“Vandals” and “barbarians” were some of the adjectives used to qualify the protesters. Despite the brutal reaction of the Military Police (a military structure that remained in Brazil’s ‘democratic’ State), the press has insistently tried to criminalize the social movements, transforming a legitimate political struggle in a police case. After a series of police interventions that systematically violated human rights, the main newspapers of the country wrote claiming for a more “energetic” response by the police – an attitude that not only call for State intervention but also normalize their abuses. The promiscuous relationship between the political category, the oligarchs of the media and economical interests of the financial sector were exposed with no shame. Freedoms and constitutional guarantees were suspended due the threat of “vandalism” and “terror”, reinforcing once again how politics in Brazil is constituted by the legitimation of a permanent State of Exception. Serving the private capital, the State, who has the monopoly of the violence, institutionalizes its use – with the support of the media – and transforms Brazil in a real laboratory of neoliberal totalitarism. This criminal politics, that is also a supra-partisan agenda, authorizes the State violence and became the privileged way to deal with those who have no space in the consumer society. Not by coincidence, some of the protestors answered the police assault by destroying banks, doing barricades, burning buses and other “public” patrimonies in the city. In a society where the right to live is constantly being usurped by a gang of oligarchs, where to live is to be aggressed by a public sphere that is completely collapsed and where all the dimensions of life have been commodified, the destruction of property is almost a logic consequence. The basic rights became commodity and the population is forced to consume what was supposed to be guaranteed by the State. However, it is worth to say, the majority of the people cannot afford it. So in a country were 35% of its population cannot afford to pay regularly for the public transport, the destruction of private and the (privatized) public patrimony is, ultimately, a symbolic ritual of confrontation. It becomes a gesture that opposes the abstract violence of the capital by concretely destroying its commodity. It is the evidence of an ineffective democracy that, on the one hand, gathers the State, the dominant classes and the corporate media, and on the other, silently throw the majority of the people in the shadows of large invisibility zones. Beyond the simple discussion of vandalism, this is a struggle for visibility in a democracy so full of invisibilities.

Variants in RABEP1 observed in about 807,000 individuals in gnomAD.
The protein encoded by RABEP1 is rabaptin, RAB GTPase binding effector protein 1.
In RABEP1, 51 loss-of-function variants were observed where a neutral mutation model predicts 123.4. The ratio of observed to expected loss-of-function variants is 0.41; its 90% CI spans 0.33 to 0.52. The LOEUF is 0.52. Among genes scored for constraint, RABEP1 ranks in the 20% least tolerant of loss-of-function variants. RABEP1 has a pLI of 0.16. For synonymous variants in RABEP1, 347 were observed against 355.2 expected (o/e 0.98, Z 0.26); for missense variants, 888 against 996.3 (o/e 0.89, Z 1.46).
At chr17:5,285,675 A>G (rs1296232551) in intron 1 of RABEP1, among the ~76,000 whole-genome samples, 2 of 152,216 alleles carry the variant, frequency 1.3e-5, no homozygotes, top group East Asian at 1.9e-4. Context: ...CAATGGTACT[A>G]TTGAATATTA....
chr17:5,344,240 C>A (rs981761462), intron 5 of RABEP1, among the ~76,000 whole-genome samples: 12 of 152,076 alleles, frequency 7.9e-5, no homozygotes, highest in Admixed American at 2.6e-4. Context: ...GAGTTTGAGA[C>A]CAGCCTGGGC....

It is important to say that despite the media’s effort in deeming the mobilizations and the circulation of a counter-information through Internet, the population increasingly joined the streets. And, again, as the protesters gained support from a large part of the population, Brazilian media tried to intervene, changing their own discourse. Pundits began calling the youth to go to the streets wearing white, ask for peace, fight for a “better country” and against “corruption” in a clear attempt to maneuver and depoliticize the demands of the revolts. The endorsement of the media with its abstract and vague agenda, doing proselytism of the country as an issue “above all” issues, had contribute to an increasingly nationalistic tone that came over the protests. In short, whether by criminalizing and disqualifying the uprisings calling them “vandals”, or by trying to impose a fabricated set of generic claims, the corporative media is trying to construct a narrative that resonate the interests of the elites. So, beyond the struggle for concrete political and economical issues, what is also at stake is an urgent struggle for the signification of these political events, which is constantly being hijacked by the media. It is a dispute over the meaning of the gesture, rejecting the monopoly of the media as the power who mediate reality and explain what it means and confronting the discursive frameworks that shape the way in which the phenomena is understood. It is a political contest for the narrative and for the signification of these struggles, in other words, it is a fight for the History.
Photo by Fábio Rodrigues Pozzebom/ ABr , cc, Wikimedia Commons